In the mid-1990s, Simon &Schuster was just one of a number of major book publishers to enter the mutimedia market, but unlike most of its competitors, S&S remains active in the field. According to S&S president Jack Romanos, S&S Interactive "turned the corner" in 1997 and has had two consecutive profitable years, with another expected in 1999. S&S's nonprint operations -- primarily interactive and audio -- are approaching 10% of the publisher's total revenues, Romanos said.

Giles Dana, senior v-p and publisher of S&SI, told PW the division has fared well by leveraging some of S&S's and parent company Viacom's most successful brands -- Star Trek, of course, topping the list. The company has published a wide range of Star Trek-related titles and has sold more than 1.5 million units. New for 1999 will be S&SI's biggest Star Trek project to date, Star Trek Deep Space Nine: The Fallen, which will be released in the fourth quarter. The Fallen is the first of three Star Trek titles being jointly developed, distributed and marketed with GT Interactive. The company is also upgrading its Star Trek Starship Creator program for release later this year and is repackaging six early Star Trek titles, which will be sold for $19.95 apiece.

Star Trek is far from the only successful brand on S&SI's list. The company's Busy Town titles, which are based on Richard Scarry books and TV shows, have sold more than one million units worldwide; a Windows 98 edition is being released this year. S&SI has also had a hit for girls with Sabrina, The Teenage Witch, based on the character in the TV show produced by Viacom's Paramount subsidiary. More than 200,000 Sabrina units have been shipped worldwide, and publisher Dana told PW that rights have been sold to several foreign countries. Sabrina II is set for publication later this year, and a new title for girls will be released this fall when S&SI ships Daria's Life Central, based on the MTV (another Viacom property) sitcom.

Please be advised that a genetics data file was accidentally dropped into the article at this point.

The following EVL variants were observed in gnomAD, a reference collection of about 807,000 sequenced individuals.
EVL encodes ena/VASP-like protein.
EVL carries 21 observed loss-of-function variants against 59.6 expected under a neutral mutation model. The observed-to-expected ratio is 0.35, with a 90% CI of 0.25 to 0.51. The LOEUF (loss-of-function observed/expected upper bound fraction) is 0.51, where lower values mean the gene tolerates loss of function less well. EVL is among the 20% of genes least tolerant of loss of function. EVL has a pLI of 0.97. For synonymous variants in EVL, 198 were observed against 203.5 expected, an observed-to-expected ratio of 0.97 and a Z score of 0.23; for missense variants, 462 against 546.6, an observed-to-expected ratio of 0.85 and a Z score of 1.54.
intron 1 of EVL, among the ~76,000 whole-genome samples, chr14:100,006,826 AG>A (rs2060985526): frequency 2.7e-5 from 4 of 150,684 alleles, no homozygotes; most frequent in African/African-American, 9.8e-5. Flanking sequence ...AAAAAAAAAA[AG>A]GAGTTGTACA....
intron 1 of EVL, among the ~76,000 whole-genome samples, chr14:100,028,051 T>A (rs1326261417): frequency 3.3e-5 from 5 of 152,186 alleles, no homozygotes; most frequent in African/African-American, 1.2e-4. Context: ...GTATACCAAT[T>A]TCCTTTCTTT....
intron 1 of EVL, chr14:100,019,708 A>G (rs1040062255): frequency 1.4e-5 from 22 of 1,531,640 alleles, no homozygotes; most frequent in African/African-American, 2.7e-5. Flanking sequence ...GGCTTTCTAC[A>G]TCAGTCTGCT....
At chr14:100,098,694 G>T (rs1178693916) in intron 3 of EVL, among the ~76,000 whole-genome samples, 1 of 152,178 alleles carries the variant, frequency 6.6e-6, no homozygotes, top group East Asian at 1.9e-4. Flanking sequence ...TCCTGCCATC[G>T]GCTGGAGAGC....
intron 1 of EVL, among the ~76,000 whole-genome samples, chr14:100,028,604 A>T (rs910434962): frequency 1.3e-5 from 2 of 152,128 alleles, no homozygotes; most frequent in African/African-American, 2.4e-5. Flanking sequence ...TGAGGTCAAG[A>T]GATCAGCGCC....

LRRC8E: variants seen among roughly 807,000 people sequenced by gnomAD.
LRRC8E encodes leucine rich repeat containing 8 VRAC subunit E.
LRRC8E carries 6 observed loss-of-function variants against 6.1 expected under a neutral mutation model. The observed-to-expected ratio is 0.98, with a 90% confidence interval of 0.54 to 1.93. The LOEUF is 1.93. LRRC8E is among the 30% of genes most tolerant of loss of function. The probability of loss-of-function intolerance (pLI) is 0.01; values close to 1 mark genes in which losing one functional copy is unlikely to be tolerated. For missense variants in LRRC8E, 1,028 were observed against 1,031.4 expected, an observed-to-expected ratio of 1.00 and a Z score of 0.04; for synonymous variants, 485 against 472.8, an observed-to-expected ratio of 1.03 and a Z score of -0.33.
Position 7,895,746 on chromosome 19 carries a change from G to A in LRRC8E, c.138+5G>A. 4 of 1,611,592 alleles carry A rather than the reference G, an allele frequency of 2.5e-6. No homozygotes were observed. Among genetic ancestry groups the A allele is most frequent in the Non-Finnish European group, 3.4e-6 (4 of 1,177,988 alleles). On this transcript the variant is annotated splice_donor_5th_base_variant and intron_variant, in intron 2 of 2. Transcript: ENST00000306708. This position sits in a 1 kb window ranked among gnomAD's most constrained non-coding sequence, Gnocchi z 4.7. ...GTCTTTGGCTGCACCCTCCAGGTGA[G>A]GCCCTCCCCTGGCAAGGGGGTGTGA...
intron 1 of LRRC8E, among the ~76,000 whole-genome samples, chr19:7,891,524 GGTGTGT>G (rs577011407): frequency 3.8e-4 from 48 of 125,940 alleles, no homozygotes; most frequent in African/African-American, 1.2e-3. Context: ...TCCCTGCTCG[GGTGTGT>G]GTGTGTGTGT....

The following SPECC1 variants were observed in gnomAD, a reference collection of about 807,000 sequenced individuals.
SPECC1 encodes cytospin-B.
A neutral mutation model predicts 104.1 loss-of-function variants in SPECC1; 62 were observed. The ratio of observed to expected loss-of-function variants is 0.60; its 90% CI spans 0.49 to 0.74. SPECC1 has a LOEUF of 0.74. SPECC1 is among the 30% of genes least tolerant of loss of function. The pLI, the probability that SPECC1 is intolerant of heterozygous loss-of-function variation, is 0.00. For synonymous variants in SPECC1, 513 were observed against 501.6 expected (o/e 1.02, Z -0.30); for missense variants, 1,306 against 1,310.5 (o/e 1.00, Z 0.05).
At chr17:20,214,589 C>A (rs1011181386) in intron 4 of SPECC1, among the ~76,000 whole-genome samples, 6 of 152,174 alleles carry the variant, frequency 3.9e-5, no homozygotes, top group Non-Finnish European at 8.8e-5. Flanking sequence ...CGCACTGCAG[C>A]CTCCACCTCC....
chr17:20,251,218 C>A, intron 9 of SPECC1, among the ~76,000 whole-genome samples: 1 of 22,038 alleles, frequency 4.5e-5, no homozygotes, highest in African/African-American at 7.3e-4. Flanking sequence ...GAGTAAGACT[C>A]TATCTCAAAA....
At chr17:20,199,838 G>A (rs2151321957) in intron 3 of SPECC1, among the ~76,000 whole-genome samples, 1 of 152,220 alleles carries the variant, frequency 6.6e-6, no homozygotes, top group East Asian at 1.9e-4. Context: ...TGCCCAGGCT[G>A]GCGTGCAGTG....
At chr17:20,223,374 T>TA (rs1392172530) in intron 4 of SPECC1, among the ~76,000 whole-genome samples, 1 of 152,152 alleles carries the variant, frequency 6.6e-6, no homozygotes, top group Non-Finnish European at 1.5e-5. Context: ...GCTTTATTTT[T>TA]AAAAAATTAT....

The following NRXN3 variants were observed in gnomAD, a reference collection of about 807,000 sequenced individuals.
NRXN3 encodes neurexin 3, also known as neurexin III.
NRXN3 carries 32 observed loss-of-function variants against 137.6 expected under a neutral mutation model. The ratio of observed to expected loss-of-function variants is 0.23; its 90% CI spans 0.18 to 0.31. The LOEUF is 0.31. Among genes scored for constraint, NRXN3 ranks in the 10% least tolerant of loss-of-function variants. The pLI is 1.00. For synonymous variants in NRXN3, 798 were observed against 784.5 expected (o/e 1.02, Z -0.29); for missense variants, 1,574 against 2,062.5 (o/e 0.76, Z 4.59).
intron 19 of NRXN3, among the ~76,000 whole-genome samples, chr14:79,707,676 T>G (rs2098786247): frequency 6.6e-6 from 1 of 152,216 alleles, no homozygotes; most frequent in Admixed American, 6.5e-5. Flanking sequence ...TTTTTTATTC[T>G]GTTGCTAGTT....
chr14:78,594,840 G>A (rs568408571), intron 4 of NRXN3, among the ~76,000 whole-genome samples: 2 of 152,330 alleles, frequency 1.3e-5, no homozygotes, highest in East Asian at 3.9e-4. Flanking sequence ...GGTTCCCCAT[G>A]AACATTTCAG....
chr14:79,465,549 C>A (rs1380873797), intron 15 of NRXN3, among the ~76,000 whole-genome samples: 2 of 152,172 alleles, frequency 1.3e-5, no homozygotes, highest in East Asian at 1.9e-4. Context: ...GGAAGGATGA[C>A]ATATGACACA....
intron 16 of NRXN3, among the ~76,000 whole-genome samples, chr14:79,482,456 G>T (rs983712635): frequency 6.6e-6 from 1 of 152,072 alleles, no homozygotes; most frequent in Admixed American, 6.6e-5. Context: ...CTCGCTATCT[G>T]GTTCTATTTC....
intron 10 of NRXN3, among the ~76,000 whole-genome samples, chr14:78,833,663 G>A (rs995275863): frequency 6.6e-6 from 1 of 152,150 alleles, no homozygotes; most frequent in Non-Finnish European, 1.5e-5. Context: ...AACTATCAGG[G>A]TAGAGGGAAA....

Considering the recent attention given to the violent content of many video games, Dana is proud that "we don't do violence." Their products get no rougher than the hunting parody Deer Avenger, which has sold more than 300,000 copies; the sequel, Deer Adventure II, is due out this summer. In the reference area, S&SI released its first interactive encyclopedia last Christmas, shipping 80,000 units. Simon &Schuster New Millennium Encyclopedia is fully downloadable, and the publisher plans to introduce S&S's New Millennium Children's Encyclopedia this year.

S&SI's titles are distributed to the retail market through Macmillan Computer Publishing, and software stores, mass merchandisers and warehouse clubs are the major retail channels. S&SI reaches the school market through Davidson &Associates. Dana makes no secret, however, of his desire to see bookstores once again give CD-ROMs a try. Currently sales through bookstores "are gravy," although, Dana noted, some multimedia stores that sell books -- such as Hastings, Zany Brainy and Noodle Kidoodle -- are doing well with S&SI product. In 1998, S&SI put together A Joy of Cooking CD-ROM/book package that was distributed by the S&S trade sales force, and it sold 10,000 units.

"We'd love to get back into bookstores. Simon &Schuster has such great distribution into the market, yet we are not reaching many of their customers," Dana remarked. He said that it is frustrating when bookstores have a Star Trek book section, but don't want to carry the software, or that S&SI can't convince book retailers to carry CD-ROMs based on the popular David Carter's bug books. Dana thinks S&SI has a perfect product for bookstores this Christmas -- Douglas Adams's Starship Titanic gift set that comes packaged with a CD-ROM, book and audio.

Dana has no major plans to shift from the company's current course of exploiting well-known brands. It has a backlist of about 66 titles and hopes to release about 20 a year. "We're sticking to what we know how to do," Dana said, predicting that sales will increase at a double-digit rate in 1999.